A prescribed burn helps keep a longleaf ecosystem healthy.

A prescribed burn helps keep a longleaf ecosystem healthy. Credit: John Maxwell/USFWS

Forest ecosystems are dynamic and complex. A disturbance to any part of the network can alter the balance of relationships and affect the entire ecosystem either positively or negatively. Fire is unique in that it can be either a beneficial natural process or a devastating catastrophe. For species like lodgepole pine, fire is necessary to help reduce competition and help the species release its seeds. However, climate change, drought and other conditions have caused occurrences of intense wildfire to increase, which can damage forests so badly that it takes years for them to naturally recover. Wildfire is necessary for forests, but also a threat to them, so strong policies and management are imperative to make sure wildfire is working for our forests instead of against them.

Our Strategy

American Forests partners with other organizations to protect the surviving trees on burned lands and to restore forests, educating the public and key decision makers about the importance of these trees. Over the last 10 years, roughly 26 percent of our Global ReLeaf projects have restored forests damaged by fires.

In 2007, ConocoPhillips pledged $2.8 million to fund American Forests’ wildfire restoration project in this area, as part of a carbon offset settlement between the energy company and California Attorney General Jerry Brown. The ongoing Cuyamaca project has laid the groundwork to encourage forest restoration throughout the region.

Credit: The National Guard/ Flickr

Fighting wildfire. Credit: The National Guard

At the federal level, American Forests has long advocated that decision makers in the U.S. Forest Service, the U.S. Department of the Interior and Congress should address wildfire threats and develop plans and policies for wildfire mitigation and prevention. This resulted in the establishment of the Federal Land Assistance, Management and Enhancement Act (FLAME Act) Coalition, which supported the passage of the FLAME Act that would allow the federal government to enforce funding for larger emergency wildfires without taking away from other important projects.

Take Action

Visit American Forests’ Action Center to send pre-written letters to Congress and other representatives to support sound wildfire policy. Letters available now include:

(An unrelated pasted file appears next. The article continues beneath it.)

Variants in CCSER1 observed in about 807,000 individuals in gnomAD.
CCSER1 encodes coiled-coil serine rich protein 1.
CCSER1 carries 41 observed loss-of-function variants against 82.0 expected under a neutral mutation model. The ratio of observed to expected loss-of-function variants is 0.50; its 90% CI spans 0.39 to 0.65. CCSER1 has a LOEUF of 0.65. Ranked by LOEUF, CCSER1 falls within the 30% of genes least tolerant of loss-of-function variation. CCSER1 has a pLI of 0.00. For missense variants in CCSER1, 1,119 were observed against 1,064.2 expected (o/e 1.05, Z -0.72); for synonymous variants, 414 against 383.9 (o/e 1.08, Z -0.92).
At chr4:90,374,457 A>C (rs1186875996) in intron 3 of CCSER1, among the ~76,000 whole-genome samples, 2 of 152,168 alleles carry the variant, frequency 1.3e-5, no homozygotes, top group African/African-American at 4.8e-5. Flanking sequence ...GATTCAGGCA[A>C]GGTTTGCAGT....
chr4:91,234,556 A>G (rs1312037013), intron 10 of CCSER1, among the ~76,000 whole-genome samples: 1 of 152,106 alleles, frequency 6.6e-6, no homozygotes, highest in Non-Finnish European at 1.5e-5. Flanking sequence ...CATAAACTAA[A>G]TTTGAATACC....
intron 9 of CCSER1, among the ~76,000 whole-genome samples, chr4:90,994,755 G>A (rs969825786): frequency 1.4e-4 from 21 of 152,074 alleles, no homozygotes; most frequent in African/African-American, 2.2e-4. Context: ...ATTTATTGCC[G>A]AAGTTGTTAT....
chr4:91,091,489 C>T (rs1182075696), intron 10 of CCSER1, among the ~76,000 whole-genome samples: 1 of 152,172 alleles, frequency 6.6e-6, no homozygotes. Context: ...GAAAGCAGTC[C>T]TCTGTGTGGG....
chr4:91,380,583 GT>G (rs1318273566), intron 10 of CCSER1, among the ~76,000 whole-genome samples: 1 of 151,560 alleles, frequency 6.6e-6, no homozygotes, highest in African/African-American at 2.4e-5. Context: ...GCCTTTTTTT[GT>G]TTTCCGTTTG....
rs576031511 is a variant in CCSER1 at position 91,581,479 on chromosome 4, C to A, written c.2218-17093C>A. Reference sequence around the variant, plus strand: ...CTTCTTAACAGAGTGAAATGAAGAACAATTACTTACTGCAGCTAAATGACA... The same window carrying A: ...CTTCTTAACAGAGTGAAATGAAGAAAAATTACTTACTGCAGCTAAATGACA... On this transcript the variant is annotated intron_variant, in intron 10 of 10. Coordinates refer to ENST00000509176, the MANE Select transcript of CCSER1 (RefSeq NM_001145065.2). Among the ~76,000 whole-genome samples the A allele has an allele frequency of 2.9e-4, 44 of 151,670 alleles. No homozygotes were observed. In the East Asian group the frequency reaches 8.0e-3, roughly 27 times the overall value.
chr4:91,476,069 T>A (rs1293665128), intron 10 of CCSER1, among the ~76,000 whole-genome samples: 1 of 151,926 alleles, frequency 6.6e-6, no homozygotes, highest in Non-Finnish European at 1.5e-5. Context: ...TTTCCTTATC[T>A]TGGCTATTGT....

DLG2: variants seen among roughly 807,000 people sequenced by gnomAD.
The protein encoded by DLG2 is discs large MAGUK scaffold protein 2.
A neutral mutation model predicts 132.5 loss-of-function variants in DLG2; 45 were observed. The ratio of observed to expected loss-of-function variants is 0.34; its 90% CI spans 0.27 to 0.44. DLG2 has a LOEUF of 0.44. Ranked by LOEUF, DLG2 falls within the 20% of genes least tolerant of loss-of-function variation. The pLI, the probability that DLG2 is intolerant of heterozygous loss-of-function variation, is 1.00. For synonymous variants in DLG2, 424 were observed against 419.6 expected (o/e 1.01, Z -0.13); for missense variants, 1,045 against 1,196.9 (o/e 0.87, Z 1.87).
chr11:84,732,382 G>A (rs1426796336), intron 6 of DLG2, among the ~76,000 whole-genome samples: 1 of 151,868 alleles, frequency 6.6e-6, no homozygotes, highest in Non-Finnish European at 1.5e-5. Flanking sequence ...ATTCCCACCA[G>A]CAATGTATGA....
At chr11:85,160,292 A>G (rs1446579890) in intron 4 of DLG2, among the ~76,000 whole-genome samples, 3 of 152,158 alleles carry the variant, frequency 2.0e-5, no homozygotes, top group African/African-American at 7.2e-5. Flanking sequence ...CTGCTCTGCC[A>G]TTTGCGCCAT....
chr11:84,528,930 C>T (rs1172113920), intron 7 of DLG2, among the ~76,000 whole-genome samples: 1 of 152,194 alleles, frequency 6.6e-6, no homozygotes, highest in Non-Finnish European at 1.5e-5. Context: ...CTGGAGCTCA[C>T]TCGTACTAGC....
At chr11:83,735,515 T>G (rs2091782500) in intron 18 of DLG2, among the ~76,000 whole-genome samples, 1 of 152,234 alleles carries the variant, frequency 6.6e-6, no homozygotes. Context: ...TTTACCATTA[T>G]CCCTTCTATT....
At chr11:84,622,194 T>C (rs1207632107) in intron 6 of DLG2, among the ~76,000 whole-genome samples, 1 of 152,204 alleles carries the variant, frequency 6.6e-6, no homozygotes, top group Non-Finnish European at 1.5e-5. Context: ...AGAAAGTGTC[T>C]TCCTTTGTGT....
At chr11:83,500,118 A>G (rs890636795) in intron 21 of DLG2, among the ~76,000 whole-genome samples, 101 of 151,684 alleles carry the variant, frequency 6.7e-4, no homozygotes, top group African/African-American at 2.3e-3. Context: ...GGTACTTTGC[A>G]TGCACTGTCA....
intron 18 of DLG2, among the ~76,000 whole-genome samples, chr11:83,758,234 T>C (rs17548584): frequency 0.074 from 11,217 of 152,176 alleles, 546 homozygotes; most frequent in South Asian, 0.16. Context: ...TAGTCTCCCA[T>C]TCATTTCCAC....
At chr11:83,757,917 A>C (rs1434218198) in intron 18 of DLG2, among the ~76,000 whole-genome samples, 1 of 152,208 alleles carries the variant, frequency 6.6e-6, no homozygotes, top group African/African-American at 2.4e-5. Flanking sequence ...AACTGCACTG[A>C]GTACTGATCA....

donate_editto American Forests to support our work, like wildfire restoration projects and wildfire prevention policy action.

 

Forest Fire News from our Loose Leaf blog



Strengthening Reforestation in Cuyamaca


by Gerry Gray, Ph.D., Senior Vice President
Cuyamaca Rancho State ParkLoose Leaf welcomes American Forests Senior Vice President Gerry Grey to our writing family. Gerry has a doctor of forestry degree and has been with American Forests for more than 20 years. He will be joining us from time to time to share his insights on our work and other issues related to forests around the world. ~MW & SL We recently received good news from Lisa Gonzales-Kramer, the project manager for an innovative reforestation pr... (Read More)



Last-Minute Action in Congress


by Amanda Tai
November elections are only a few months away and members of Congress have already left Capitol Hill to hit the campaign trail in their home states. Early Saturday morning, the Senate passed a continuing resolution (CR) with a 62-30 vote, after the House passed the measure last week, which will keep the government up and running through March 27. Lawmakers will have sufficient time after the election to focus on passing a longer-term budget m... (Read More)



The Future of Fire


by Alison Share, Environmental Public Policy Associate, Crowell & Moring LLP
Dumping water onto the flamesAs summer winds down and we head into fall, there is still no relief in the West from the wildfires that rage in Washington, Wyoming, Montana, Oregon and Idaho. While the national news focuses on a presidential election only seven weeks away, the daily realities of ongoing wildfires fade from the 24-hour news cycle. But for those who live in the areas that are still burning — and for those who fight the fires themselves — wildfire season is f... (Read More)